Filtering tables in SWT/JFace

Working with tables or trees with more than a handful of rows, you quickly find that you need a way to filter or search for content, otherwise they become unusable. The Eclipse workbench offers an out-of-the-box component named FilteredTree which adds an input field to an SWT tree where filter strings can be entered by the user. However, support for SWT tables is missing. This post shows how filter support can be added to tables using the existing capabilities in the workbench.

FilteredTable11 Filtering tables in SWT/JFace

FilteredTable21 Filtering tables in SWT/JFace

Convert the table (viewer) to a tree (viewer)

The SWT Tree is a very powerful widget. Apart from the arrangement of data in a tree hierarchy, it supports multi-column display of tree items. Since the APIs of Tree(Viewer) and Table(Viewer) are quite similar, it is straightforward to convert your Table into a Tree.

Wrap the tree into a FilteredTree

Once your code uses a Tree or a TreeViewer, it can easily be wrapped into a FilteredTree:

    FilteredTree filteredTree = new FilteredTree(parent, SWT.BORDER, new PatternFilter(), true);
    TreeViewer treeViewer = filteredTree.getViewer();

The PatternFilter parameter represents the algorithm that is applied to find matches for a given filter string.

Adapt the PatternFilter

Unfortunately, we’re not quite done yet. The default PatternFilter is designed to search for matches in the text returned by the TreeViewer‘s label provider:

    protected boolean isLeafMatch(Viewer viewer, Object element){
        String labelText = ((ILabelProvider) ((StructuredViewer) viewer).getLabelProvider()).getText(element);
        if(labelText == null) {
            return false;
	}
        return wordMatches(labelText);  
    }

Obviously this cannot work for column-based TreeViewers since there is no single textual representation of an element but rather a text for each column.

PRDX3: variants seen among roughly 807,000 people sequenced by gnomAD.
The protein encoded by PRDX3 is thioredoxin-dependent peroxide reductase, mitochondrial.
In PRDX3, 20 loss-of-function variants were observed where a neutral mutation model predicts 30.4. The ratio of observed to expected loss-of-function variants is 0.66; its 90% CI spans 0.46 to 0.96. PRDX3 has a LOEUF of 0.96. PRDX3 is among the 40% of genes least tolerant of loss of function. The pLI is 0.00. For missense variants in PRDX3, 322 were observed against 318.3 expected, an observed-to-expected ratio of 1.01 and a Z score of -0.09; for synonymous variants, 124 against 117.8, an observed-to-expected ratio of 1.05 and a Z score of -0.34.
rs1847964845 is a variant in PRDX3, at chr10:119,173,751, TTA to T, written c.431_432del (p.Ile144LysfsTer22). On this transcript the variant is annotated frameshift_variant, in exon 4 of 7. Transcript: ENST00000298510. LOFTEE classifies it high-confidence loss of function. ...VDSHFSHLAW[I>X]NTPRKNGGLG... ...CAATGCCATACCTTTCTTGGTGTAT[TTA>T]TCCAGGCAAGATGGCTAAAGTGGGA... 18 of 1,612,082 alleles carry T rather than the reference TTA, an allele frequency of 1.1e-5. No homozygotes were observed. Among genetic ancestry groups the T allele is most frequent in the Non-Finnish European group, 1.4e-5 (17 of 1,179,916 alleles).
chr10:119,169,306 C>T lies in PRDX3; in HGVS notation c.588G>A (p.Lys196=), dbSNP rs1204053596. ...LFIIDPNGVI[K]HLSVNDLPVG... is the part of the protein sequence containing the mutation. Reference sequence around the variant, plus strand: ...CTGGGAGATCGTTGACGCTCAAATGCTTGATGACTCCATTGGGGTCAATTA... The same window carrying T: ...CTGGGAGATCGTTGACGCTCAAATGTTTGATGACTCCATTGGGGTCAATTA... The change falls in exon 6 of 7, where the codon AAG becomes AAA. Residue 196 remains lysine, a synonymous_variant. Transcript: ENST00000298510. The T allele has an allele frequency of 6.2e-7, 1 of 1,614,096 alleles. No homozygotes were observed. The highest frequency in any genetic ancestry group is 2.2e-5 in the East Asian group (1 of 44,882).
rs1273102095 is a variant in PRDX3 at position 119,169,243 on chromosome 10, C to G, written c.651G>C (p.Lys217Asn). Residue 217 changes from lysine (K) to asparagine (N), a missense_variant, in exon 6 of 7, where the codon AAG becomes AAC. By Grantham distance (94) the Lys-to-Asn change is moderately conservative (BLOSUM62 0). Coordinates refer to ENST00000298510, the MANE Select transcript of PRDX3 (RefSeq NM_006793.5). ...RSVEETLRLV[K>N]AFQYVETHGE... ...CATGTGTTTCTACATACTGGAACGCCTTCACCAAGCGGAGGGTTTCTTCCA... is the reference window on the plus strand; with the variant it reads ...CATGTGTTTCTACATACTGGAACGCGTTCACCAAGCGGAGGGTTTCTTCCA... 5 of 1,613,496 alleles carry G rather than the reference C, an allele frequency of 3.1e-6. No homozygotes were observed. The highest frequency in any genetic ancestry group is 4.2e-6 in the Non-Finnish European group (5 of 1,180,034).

If you are using TreeViewerColumns to define the columns of your tree, the PatternFilter will need to request the ColumnLabelProviders for each of the single columns. To do this, simply subclass PatternFilter and override isLeafMatch:

    protected boolean isLeafMatch(final Viewer viewer, final Object element) {
        TreeViewer treeViewer = (TreeViewer)viewer;
        int numberOfColumns = treeViewer.getTree().getColumnCount();
        boolean isMatch = false;
        for (int columnIndex = 0; columnIndex < numberOfColumns; columnIndex++) {
            ColumnLabelProvider labelProvider = (ColumnLabelProvider)treeViewer.getLabelProvider(columnIndex);
            String labelText = labelProvider.getText(element);
            isMatch |= wordMatches(labelText);
        }
        return isMatch;
    }

If you are using TreeColumns to define the columns of your tree, the TreeViewer will need to have an ITableLabelProvider. The isLeafMatch method can then be adapted to loop over all columns :

    protected boolean isLeafMatch(final Viewer viewer, final Object element) {
        TreeViewer treeViewer = (TreeViewer)viewer;
        int numberOfColumns = treeViewer.getTree().getColumnCount();
        ITableLabelProvider labelProvider = (ITableLabelProvider)treeViewer.getLabelProvider();
        boolean isMatch = false;
        for (int columnIndex = 0; columnIndex < numberOfColumns; columnIndex++) {
            String labelText = labelProvider.getColumnText(element, columnIndex);
            isMatch |= wordMatches(labelText);
        }
        return isMatch;
    }

By reusing the existing FilteredTree to filter our tables, we saved the effort to implement, test and maintain our own FilteredTable. And lazy programmers are good programmers, aren’t they?

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